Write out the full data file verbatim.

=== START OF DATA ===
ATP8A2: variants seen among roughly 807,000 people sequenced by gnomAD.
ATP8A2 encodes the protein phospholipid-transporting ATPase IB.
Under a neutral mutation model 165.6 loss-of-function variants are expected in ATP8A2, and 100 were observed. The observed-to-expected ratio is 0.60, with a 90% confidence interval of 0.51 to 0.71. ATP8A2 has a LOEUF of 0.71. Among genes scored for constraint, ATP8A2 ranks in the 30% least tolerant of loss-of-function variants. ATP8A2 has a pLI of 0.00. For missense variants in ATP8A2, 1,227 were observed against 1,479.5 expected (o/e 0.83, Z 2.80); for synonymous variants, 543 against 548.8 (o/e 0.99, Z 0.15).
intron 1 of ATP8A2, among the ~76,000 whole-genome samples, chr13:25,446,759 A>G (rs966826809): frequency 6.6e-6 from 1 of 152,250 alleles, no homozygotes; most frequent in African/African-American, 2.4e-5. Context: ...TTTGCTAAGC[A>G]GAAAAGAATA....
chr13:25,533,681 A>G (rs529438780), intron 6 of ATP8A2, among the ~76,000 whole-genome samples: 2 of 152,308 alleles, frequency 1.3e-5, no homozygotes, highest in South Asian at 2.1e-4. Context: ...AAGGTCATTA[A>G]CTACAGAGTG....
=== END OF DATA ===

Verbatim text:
ATP8A2: variants seen among roughly 807,000 people sequenced by gnomAD.
ATP8A2 encodes the protein phospholipid-transporting ATPase IB.
Under a neutral mutation model 165.6 loss-of-function variants are expected in ATP8A2, and 100 were observed. The observed-to-expected ratio is 0.60, with a 90% confidence interval of 0.51 to 0.71. ATP8A2 has a LOEUF of 0.71. Among genes scored for constraint, ATP8A2 ranks in the 30% least tolerant of loss-of-function variants. ATP8A2 has a pLI of 0.00. For missense variants in ATP8A2, 1,227 were observed against 1,479.5 expected (o/e 0.83, Z 2.80); for synonymous variants, 543 against 548.8 (o/e 0.99, Z 0.15).
intron 1 of ATP8A2, among the ~76,000 whole-genome samples, chr13:25,446,759 A>G (rs966826809): frequency 6.6e-6 from 1 of 152,250 alleles, no homozygotes; most frequent in African/African-American, 2.4e-5. Context: ...TTTGCTAAGC[A>G]GAAAAGAATA....
chr13:25,533,681 A>G (rs529438780), intron 6 of ATP8A2, among the ~76,000 whole-genome samples: 2 of 152,308 alleles, frequency 1.3e-5, no homozygotes, highest in South Asian at 2.1e-4. Context: ...AAGGTCATTA[A>G]CTACAGAGTG....